That’s right. This time my dreams of becoming the world’s greatest filmmaker will be fully realized. Yes, I can see it now. “Your last film was on par with Scorsese’s Raging Bull, but far more poignant,” the press will say. “Your affair with Michael Fassbender really helped your career,” my pastor will say. Yes, I can see it all before me now. All will go according to plan. At least until the massive Southern California earthquake scientists are predicting kills us all. No, for real. A second sea serpent has washed up on the shore of Oceanside. We’re all going to die.
eleskimo asked: Your letter to Stathis was perfect. The Fly is a fantastic film with deep and relatable characters, who manage to make you not only care about them, but about their relationships with each other. The only film I've ever seen that I feel I could truly call a romance/horror. I've never thought about Stathis in that light though, and what you said was completely true. I'm not sure that his cameo in Fly II did him justice. Thoughts?
Unfortunately I never saw The Fly II, so I can’t give any opinion on his cameo. Or maybe that’s more fortunate than unfortunate. However, after looking up the cast on Imdb I see that Eric Stoltz plays the “almost human” son of Brundlefly. I had no idea. I always excused that movie as something not worth my time, but knowing what I know now makes me want to see the movie immediately. Especially as a horror film fan, why not watch even the crappiest of horror sequels? In any case, I really appreciate you appreciating my Stathis appreciation post. I’ve seen every David Cronenberg film from Rabid to Cosmopolis, but the film I always come back to over and over again is The Fly, precisely because of those deep, relatable characters… and the awesome gore. And Cronenberg’s commentary on the blu-ray is just as good as the movie. He speaks so eloquently and articulate, it’s ridiculous.
My Dearest Stathis,
You are everything I want in a man. You hide your sweetness and gentleness behind a facade of crudeness and 80’s douchey-ness never before seen until Ellis showed up two years later in Die Hard. But I know the real you. Your actions speak louder than words. You loved Veronica, and even though you two were no longer an item and knew for a fact that she was going out with Seth Brundle, you still wouldn’t let her go. So you said some crude remarks and went ahead with publishing the Brundle teleportation story, but you were angry and hurt, I understand! But Veronica eventually went to you for help, and you showed your true colors. You drove her around town in the middle of the night, first so she could give her last goodbye to Seth, who was then almost full fledged Brundlefly, which you certainly didn’t need to do. And then you drove her to get an abortion. An abortion! Never has an action ever been more romantic in even the most romantic of romantic films! AND THEN after Brundlefly showed up by literally flying through the glass wall of the doctor’s office to carry Veronica away into his lair, you followed and went to rescue her! You showed up armed, with a shotgun. Sure, you lost a hand and an ankle in the process, but even after all that, you still didn’t completely lose consciousness or say, “This woman can burn in Hell.” NO, you picked up that shotgun and dragged yourself with all your strength to shoot the telepod cord to stop Brundlefly from merging himself with Veronica, which would’ve certainly been catastrophic, and most likely very disgusting to watch. You saved Veronica. You saved her, in every way a person can be saved. Even though you are without a hand and an ankle, you are still more of a man than anyone else ever depicted in film. I love you. I adore you. Find me. Love me. LOVE MEEEEEEEEEEEE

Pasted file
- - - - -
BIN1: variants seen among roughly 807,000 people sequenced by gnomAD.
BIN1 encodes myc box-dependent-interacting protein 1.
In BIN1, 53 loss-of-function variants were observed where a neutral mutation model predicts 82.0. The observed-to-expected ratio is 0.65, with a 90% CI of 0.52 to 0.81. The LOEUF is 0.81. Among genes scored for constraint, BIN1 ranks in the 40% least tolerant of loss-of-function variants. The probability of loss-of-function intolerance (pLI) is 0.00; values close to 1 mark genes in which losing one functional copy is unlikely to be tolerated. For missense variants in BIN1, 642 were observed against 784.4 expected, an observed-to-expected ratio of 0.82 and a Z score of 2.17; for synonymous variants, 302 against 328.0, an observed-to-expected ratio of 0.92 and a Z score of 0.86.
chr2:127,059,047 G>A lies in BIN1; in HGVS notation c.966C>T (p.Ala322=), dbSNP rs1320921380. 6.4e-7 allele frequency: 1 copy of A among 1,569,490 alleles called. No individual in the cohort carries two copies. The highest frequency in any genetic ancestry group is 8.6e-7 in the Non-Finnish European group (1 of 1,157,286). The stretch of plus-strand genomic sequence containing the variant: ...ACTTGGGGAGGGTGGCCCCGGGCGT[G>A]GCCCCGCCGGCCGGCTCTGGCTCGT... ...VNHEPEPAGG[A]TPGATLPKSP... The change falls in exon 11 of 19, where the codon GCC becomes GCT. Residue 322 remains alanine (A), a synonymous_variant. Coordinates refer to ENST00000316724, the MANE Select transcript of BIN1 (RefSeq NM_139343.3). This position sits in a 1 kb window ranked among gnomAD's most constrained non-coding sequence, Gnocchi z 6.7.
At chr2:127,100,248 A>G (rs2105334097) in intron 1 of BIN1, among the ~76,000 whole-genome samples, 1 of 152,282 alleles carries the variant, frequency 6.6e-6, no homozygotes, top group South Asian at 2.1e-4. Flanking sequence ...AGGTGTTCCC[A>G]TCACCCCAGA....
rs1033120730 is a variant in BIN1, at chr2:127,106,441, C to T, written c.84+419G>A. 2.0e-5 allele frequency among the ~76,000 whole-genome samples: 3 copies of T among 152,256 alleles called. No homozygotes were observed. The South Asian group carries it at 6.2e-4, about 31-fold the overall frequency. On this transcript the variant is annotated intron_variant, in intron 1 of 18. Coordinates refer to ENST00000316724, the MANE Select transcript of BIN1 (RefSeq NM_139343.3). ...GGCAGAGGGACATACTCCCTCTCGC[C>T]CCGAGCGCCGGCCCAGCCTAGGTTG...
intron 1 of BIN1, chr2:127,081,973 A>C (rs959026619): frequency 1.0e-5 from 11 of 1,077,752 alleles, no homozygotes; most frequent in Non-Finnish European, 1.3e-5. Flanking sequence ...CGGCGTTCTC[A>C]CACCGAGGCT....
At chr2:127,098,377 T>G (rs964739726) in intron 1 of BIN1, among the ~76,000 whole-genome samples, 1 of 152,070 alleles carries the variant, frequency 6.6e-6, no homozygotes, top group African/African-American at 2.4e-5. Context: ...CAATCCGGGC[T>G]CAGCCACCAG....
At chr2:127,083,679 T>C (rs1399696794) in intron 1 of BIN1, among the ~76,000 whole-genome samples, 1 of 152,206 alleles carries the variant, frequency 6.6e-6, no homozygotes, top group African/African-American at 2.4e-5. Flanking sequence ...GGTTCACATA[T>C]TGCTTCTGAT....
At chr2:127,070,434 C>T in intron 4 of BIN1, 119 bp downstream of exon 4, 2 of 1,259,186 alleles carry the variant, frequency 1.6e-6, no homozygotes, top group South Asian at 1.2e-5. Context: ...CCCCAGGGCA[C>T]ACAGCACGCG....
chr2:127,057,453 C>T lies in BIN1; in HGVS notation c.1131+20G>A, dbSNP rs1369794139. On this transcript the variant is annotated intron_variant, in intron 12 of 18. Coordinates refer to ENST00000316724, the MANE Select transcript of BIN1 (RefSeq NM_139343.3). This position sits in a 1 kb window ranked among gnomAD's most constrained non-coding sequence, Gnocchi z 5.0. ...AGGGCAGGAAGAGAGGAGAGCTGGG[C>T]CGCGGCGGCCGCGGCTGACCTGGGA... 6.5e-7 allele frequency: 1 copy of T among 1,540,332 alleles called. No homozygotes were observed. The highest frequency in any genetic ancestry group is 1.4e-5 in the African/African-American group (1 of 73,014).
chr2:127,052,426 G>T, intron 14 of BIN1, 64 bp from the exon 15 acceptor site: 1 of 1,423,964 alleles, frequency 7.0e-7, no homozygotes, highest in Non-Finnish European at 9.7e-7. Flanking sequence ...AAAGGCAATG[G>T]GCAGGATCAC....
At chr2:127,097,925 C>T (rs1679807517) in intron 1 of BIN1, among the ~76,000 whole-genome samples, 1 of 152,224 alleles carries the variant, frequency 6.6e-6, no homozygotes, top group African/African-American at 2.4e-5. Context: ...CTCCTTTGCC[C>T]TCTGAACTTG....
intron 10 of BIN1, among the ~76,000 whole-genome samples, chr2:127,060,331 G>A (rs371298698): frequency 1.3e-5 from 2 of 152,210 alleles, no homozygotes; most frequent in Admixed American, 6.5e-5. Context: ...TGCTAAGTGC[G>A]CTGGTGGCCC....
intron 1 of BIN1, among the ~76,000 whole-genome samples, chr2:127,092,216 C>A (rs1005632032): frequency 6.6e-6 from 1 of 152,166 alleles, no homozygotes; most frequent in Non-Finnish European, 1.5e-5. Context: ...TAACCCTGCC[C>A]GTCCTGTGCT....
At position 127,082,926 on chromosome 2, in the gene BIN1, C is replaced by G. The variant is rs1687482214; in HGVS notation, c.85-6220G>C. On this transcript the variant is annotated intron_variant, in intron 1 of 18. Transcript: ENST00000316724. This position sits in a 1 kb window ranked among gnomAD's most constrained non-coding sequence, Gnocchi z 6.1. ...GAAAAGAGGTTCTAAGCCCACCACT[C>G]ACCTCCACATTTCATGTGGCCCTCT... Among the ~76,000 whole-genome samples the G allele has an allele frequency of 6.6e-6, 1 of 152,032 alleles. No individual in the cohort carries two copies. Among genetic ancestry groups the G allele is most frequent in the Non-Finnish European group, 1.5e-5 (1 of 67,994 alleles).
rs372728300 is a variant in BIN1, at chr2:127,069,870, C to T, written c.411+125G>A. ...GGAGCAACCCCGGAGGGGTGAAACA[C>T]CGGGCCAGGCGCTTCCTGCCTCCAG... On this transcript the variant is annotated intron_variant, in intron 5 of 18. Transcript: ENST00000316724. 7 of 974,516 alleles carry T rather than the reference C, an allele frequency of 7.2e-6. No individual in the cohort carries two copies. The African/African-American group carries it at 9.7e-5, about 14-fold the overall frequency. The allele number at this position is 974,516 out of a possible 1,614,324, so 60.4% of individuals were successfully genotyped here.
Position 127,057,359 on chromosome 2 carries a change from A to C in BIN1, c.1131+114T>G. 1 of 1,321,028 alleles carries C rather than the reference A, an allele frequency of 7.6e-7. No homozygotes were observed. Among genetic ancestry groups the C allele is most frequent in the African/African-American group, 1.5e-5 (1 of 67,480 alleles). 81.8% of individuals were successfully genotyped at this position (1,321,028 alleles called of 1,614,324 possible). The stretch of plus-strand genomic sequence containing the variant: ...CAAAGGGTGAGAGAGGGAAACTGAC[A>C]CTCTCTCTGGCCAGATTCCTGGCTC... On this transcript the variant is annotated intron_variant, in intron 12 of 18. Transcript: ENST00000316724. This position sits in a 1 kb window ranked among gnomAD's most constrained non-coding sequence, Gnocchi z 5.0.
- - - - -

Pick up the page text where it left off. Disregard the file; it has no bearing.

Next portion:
A really big fan of The Fly (1986; David Cronenberg),
We Americans lead very busy lives and let’s be honest, texting and driving is something that can’t be avoided in certain situations. Most, even. The solution isn’t to abstain from texting and driving, but to learn how to text and drive. That’s where I come in. Let me tell you how to text and drive without ending up like the guy with permanent brain damage who now needs help putting on a t-shirt and wiping his ass, forever living off those residuals he gets from being forced to exploit himself on national television whenever his commercial airs.
Texting and driving is certainly dangerous, but it doesn’t need to be. It need not be more dangerous than tuning your car radio while merging onto the freeway, or eating a full course meal from Boston Market while parallel parking. It’s people who don’t know how to drive to begin with and can’t text without putting all of their attention into their phones that get into accidents and kill themselves or innocent people. Now, if you don’t know how to drive I can’t teach you how. Maybe go back to drivers ed, Google “how to drive”, or practice a little more in the empty parking lot of Arizona Leather. Simple tips: your car should be an extension of your body, don’t speed up to slow down, be a calm driver, observe everything around you, gauge the speed of others, be one with other drivers.
Here are the 5 keys to properly texting and driving:
- Do NOT text any more than one word at a time without looking around you.
- Make sure you are okay with the lane you are currently in, because under NO circumstances are you to change lanes until the text is sent. (I do it, but that’s only because I am a seasoned professional. Once you feel comfortable following these basic steps, you can attempt the erratic changing of lanes that I practice everyday.)
- Only text and drive with a touch screen smart phone. (I have a prepaid flip phone with T-9 enabled texting, but like I said, that’s only for the advanced.)
- Do NOT let yourself get attached to your phone while driving that you are not able to throw it on the passenger’s seat in 3 seconds flat if you feel the heat around the corner.
- Do NOT be a woman.
You follow these and you’ll be the expert texter and driver that I am with an impressively low insurance rate.